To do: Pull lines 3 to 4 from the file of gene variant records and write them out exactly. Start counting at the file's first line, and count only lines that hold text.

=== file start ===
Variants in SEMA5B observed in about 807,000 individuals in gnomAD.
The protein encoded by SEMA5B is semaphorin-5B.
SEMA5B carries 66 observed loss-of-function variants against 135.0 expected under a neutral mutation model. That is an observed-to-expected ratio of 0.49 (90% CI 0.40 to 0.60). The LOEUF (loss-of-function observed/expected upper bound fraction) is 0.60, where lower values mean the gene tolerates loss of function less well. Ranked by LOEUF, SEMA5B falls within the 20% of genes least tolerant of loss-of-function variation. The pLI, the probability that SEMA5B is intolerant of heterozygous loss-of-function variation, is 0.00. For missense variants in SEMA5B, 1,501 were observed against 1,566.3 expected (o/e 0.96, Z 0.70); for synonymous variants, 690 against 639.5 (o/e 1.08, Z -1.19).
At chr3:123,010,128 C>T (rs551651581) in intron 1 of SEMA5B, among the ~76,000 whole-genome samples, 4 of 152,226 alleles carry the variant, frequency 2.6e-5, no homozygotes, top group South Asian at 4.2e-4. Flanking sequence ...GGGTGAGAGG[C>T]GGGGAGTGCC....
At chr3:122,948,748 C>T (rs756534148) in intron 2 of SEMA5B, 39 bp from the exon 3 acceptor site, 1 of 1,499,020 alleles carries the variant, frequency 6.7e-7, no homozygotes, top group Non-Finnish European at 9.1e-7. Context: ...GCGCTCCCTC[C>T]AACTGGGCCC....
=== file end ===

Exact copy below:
SEMA5B carries 66 observed loss-of-function variants against 135.0 expected under a neutral mutation model. That is an observed-to-expected ratio of 0.49 (90% CI 0.40 to 0.60). The LOEUF (loss-of-function observed/expected upper bound fraction) is 0.60, where lower values mean the gene tolerates loss of function less well. Ranked by LOEUF, SEMA5B falls within the 20% of genes least tolerant of loss-of-function variation. The pLI, the probability that SEMA5B is intolerant of heterozygous loss-of-function variation, is 0.00. For missense variants in SEMA5B, 1,501 were observed against 1,566.3 expected (o/e 0.96, Z 0.70); for synonymous variants, 690 against 639.5 (o/e 1.08, Z -1.19).
At chr3:123,010,128 C>T (rs551651581) in intron 1 of SEMA5B, among the ~76,000 whole-genome samples, 4 of 152,226 alleles carry the variant, frequency 2.6e-5, no homozygotes, top group South Asian at 4.2e-4. Flanking sequence ...GGGTGAGAGG[C>T]GGGGAGTGCC....